Dental Filling Facts
FDA Issues Final Regulation on Dental Amalgam
The U.S. Food and Drug Administration on July 28, 2009, issued a final regulation clarifying the safety of dental amalgam (silver colored fillings). They classified dental amalgam as a Class II medical device (moderate risk). This is the same classification given to porcelain, gold and dental composite (tooth colored fillings). The FDA clarified its findings as follows, "While elemental mercury has been associated with adverse health effects at high exposures, the levels released by dental amalgam fillings are not high enough to cause harm in patients.â€ Over the past six years, the FDA has taken many steps to assure the classification of dental amalgam is supported by strong science. In all, the agency considered some 200 scientific studies.
Bisphenol-A (BPA) is an ingredient used in chemical compounds that line the inside of many products and serves as a major component in polycarbonate plastics. It is often found in baby bottles, sports bottles and food containers. Excessive exposure to BPA has been associated with adverse health effects such as cancer and heart disease. Once ingested, BPA may interrupt proper hormone functioning, alter genes and obstruct development. What you may ask is the dental connection?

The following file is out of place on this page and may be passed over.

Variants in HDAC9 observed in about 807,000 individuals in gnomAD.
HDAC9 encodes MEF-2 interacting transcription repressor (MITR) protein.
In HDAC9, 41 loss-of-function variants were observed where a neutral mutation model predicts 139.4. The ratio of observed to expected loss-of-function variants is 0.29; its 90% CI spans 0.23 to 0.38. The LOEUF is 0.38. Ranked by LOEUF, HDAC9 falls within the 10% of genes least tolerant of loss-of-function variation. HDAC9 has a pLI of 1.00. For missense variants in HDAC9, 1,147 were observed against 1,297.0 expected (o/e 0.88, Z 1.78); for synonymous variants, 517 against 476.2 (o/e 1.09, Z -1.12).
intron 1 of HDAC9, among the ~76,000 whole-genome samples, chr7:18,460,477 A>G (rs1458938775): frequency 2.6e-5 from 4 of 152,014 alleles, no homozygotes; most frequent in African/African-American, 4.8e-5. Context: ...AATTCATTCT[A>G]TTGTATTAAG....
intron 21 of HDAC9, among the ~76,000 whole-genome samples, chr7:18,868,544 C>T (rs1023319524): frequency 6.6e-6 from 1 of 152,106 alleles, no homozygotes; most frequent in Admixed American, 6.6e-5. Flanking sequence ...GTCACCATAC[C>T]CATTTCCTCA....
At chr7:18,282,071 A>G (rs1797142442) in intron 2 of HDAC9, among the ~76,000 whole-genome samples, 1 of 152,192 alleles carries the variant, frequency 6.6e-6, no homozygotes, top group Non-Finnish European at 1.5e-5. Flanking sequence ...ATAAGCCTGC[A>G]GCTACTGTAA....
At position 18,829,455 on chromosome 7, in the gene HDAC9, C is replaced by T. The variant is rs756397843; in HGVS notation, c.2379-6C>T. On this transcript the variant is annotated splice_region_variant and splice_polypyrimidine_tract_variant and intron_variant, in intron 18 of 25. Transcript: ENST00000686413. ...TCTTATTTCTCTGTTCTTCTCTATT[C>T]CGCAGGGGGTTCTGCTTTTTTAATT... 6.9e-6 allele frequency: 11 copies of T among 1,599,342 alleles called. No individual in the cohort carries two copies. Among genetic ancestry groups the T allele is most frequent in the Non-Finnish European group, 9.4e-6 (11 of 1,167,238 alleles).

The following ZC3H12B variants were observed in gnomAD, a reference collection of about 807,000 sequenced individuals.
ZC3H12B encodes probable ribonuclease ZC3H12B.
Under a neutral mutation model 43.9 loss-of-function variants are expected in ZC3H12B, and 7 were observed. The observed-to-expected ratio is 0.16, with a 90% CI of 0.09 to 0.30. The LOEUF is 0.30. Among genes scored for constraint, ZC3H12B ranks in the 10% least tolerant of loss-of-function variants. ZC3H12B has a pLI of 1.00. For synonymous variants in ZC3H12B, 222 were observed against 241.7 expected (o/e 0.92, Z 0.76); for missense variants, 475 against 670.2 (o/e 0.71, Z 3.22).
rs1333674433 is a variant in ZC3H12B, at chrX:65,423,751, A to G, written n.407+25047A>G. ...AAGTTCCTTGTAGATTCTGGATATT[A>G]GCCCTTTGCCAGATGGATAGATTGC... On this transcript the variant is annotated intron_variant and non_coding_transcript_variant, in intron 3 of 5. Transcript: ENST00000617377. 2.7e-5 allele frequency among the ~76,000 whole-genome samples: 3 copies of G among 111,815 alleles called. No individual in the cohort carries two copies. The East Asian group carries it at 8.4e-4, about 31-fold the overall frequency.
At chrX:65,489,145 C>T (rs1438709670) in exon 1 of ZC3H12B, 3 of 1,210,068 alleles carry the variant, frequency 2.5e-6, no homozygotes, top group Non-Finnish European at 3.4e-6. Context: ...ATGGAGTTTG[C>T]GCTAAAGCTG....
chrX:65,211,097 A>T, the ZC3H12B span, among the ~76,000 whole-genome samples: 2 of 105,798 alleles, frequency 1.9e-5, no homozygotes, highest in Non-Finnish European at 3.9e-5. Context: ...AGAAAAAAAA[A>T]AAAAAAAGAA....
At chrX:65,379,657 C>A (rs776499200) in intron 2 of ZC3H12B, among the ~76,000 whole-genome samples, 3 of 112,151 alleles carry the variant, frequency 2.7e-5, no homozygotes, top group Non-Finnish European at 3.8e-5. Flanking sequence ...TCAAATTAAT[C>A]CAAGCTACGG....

Composite (tooth colored) fillings have been used successfully as a replacement for amalgam (silver colored) fillings since the 1960's. Composites consist of an organic resin matrix, reinforcing inorganic filler and a silane-coupling agent. Monomers used in some composite resins include Bis-phenol-A dimethacrylate (bis-DMA), ethylene glycol dimethacrylate (EGDMA) and triethylene glycol methacrylate (TEGDMA). Composites without the filler and coupling agent are used as sealants for the pits and fissures of teeth.
Composites have been improved continuously since their inception with the creation of macrofill, midfill, microfill, nanofill, mid-hybrid flowable and mini-hybrid composites. Some of these composite dental fillings release extremely small amounts of BPA during the first 24 hours post application.
Many studies have been done to determine if BPA in dental composite presents a health hazard. None of the studies has found dental composites to be a health hazard. The American Dental Association has tested the blood of dentists who had sealants on their teeth and those who did not. BPA was not found in any of the blood samples from either group. The ADA has stated that BPA in sealants and composites does not present a hazard to either dentists or patients.
In an effort to accommodate those patients who want composite fillings, but want to avoid BPA, Oakmont Dental Associates offers Venus Diamond composite restorations from the one company who has developed a BPA-free nano-hybrid composite material for anterior and posterior teeth. Venus Diamond, by Heraeus-Kulzer, is a proprietary material providing esthetics with optimum filler density, high wear resistance, color adaptation, ease of polish and an enduring shine. Please tell us if BPA is a concern to you.
The following Dental Fillings Facts have been developed by the American Dental Association to help dental consumers select the restorative materials that are best for them. For additional information, click on this link http://ada.org/public/topics/fillings.asp.